Published on August 23, 2021 by Daniel Dodson  

COVID-19 has permanently changed the way we live and work. In some cases, what was once necessary to keep us safe has turned into standard practice and occasionally added convenience. One example is through the change of how we receive health care.

Caroline Rickman ’21 experienced the new normal of health care firsthand by virtually completing her clinical hours through teletherapy. 

"When COVID-19 started, I was sure that I would have more cancellations and an inconsistent schedule throughout my last clinical placement," Rickman said. "My mind immediately thought these cancellations would interfere with the clinical hours I need to obtain so I can graduate. I thought, ‘no way I will graduate on time.’”

With the help of faculty and staff at Samford, Rickman was able to continue coursework virtually and complete her clinical hours. During the initial few weeks that the world adjusted to the pandemic, Rickman said things slowed down. 

"The first two weeks were the transitioning week for every company, so I did see a pause on my clinical hours," Rickman said. "However, once iPads were distributed to families from donating corporations and children could utilize their parent's computers, most families craved some sort of consistency with their child's care during this period."

According to Rickman, Samford prepared her to meet patient needs and  be consistent in providing care. She said she does this by constantly supporting families by answering questions and providing consistent therapy.

"If I knew families did not have WIFI, I printed material and dropped it at their houses," Rickman said. To be a successful and impactful speech pathologist, clinicians must know how to adjust. There are so many educational online resources to utilize during therapy, and each client must have access to educational resources to improve.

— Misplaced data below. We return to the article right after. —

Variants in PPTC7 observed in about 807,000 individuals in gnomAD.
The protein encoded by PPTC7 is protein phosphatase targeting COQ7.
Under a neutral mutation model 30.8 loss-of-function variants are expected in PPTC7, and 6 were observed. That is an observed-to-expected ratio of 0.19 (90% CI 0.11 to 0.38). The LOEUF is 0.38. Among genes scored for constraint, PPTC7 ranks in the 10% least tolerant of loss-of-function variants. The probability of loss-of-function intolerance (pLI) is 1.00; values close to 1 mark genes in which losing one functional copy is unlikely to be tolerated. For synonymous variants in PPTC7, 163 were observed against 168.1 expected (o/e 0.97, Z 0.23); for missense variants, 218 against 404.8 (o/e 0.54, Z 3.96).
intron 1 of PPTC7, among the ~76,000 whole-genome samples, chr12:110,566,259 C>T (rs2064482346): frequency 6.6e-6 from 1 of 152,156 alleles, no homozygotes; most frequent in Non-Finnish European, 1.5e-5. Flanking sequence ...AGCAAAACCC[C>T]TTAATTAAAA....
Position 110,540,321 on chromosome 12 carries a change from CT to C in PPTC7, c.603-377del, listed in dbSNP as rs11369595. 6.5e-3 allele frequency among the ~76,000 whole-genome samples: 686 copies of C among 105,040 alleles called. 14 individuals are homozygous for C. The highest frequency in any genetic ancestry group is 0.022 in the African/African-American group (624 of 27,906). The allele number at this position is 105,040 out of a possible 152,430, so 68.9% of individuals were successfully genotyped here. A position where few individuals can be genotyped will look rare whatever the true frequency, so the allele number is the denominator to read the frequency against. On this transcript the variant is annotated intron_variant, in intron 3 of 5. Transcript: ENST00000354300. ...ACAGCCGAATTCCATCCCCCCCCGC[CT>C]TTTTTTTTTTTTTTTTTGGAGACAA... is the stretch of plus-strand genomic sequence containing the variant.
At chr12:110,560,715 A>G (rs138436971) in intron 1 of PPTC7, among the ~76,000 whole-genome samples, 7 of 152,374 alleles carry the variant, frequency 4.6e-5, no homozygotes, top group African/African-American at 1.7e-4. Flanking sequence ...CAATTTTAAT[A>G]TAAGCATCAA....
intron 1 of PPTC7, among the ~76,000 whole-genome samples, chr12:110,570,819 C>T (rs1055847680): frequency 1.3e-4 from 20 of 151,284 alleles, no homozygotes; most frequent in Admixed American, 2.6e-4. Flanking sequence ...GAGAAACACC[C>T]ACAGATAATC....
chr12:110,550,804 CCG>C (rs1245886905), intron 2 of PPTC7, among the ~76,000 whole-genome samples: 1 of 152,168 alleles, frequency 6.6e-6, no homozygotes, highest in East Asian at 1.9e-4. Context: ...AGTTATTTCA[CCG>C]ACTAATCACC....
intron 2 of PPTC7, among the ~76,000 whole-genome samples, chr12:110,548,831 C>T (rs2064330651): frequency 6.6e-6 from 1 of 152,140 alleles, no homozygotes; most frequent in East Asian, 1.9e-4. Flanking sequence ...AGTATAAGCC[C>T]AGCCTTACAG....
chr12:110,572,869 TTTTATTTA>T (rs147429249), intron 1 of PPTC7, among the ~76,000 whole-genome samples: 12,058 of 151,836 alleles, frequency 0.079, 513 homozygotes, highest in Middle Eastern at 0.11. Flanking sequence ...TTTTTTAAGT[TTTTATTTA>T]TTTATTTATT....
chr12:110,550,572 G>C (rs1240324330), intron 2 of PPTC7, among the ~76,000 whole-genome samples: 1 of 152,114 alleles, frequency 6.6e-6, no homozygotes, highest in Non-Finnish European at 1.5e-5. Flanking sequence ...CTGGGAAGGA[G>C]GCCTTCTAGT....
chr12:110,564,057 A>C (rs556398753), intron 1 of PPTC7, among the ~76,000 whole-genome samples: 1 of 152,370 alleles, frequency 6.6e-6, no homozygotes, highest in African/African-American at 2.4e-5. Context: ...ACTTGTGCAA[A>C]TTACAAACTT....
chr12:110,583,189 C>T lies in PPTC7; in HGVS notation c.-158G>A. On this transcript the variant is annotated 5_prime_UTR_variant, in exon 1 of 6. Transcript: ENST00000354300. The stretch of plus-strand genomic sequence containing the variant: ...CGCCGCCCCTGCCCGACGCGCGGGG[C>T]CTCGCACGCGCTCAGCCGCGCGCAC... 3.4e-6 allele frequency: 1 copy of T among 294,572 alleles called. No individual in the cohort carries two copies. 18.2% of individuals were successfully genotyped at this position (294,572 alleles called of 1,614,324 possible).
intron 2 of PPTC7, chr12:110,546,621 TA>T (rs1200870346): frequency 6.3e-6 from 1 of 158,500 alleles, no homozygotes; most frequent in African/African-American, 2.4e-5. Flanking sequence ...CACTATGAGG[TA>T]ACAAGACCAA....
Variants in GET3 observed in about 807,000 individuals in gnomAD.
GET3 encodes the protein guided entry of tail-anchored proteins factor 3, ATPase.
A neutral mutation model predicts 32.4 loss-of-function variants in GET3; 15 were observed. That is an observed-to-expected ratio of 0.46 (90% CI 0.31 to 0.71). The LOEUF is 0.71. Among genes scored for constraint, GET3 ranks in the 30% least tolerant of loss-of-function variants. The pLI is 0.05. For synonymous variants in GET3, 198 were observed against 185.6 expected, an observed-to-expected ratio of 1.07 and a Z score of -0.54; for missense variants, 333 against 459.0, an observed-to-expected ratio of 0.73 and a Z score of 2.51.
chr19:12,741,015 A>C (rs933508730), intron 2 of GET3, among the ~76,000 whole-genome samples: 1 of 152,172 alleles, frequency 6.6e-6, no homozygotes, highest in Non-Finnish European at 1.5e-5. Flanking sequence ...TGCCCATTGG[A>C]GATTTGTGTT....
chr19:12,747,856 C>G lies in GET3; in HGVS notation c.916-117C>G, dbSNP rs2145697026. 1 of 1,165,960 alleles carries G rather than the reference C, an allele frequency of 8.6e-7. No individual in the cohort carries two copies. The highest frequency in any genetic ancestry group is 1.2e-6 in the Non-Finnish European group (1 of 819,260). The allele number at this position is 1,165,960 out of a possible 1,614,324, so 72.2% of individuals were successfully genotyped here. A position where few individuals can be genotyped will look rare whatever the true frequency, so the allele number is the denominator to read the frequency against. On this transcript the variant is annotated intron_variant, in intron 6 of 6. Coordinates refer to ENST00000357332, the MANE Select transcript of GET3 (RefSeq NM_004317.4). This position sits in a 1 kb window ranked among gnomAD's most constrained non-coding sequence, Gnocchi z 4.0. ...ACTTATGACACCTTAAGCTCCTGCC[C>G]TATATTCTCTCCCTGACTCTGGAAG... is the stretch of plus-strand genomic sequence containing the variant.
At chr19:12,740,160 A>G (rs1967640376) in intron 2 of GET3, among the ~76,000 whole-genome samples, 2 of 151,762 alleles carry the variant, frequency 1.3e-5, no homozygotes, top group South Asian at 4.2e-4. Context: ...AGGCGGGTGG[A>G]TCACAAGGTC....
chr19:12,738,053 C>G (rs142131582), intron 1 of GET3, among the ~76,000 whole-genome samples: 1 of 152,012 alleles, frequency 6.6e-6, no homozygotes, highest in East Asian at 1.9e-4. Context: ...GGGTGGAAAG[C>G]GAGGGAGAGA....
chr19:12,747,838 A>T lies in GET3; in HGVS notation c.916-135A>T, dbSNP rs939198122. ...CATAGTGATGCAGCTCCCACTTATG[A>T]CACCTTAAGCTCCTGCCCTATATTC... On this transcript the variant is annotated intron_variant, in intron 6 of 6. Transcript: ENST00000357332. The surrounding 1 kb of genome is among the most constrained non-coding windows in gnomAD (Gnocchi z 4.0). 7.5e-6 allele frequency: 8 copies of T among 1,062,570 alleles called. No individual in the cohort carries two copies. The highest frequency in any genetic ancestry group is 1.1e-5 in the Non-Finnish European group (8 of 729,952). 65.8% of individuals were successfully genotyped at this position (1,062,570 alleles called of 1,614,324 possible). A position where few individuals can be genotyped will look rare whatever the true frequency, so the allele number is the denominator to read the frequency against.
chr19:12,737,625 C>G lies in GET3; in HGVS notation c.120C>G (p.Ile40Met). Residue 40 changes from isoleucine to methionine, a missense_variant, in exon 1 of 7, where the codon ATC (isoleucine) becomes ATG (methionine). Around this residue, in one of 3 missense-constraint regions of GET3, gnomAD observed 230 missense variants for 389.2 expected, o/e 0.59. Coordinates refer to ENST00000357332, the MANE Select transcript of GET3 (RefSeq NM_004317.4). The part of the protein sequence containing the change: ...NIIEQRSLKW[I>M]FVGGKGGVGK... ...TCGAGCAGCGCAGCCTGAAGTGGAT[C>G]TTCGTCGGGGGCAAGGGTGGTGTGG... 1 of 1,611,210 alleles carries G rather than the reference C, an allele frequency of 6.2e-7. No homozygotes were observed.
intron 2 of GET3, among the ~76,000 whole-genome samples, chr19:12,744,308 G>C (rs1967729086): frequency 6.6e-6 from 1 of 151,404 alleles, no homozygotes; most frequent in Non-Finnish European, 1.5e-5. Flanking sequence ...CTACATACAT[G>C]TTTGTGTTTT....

Beyond the pandemic, Rickman sees teletherapy becoming a much larger part of the profession, especially in places with unpredictable weather.

"I currently reside in Colorado, so we experience snowstorms until May. Because of COVID-19, the client's family now has the choice to complete the session via teletherapy or in-person," Rickman said. "When it is dangerous outside, clinicians and families work together to complete a teletherapy visit. This easy transition for services will ensure clinician and family safety in the future."

Rickman says that teletherapy will always be an option if a family wants services. She also says that speech pathologists will have a more consistent schedule because of this alternative.

"Many companies are wanting to hire younger individuals straight out of graduate school because of new knowledge such as teletherapy," Rickman said. "I can truly and confidently say that Samford over-prepared me in the best way to be a speech language pathologist."

Samford’s Communication Sciences and Disorders department has begun to integrate technology that supports teletherapy into their training programs.

“Teletherapy has become an important part of service delivery and access to services,” said Carol Koch, professor and director of the speech language pathology program. “Graduate students need to be provided with opportunities to experience this model of service delivery. Because of our clinical model, Samford students received excellent training during their clinical experiences.”

Samford is a leading Christian university offering undergraduate programs grounded in the liberal arts with an array of nationally recognized graduate and professional schools. Founded in 1841, Samford is the 87th-oldest institution of higher learning in the United States. Samford enrolls 5,791 students from 49 states, Puerto Rico and 16 countries in its 10 academic schools: arts, arts and sciences, business, divinity, education, health professions, law, nursing, pharmacy and public health. Samford fields 17 athletic teams that compete in the tradition-rich Southern Conference and ranks 6th nationally for its Graduation Success Rate among all NCAA Division I schools.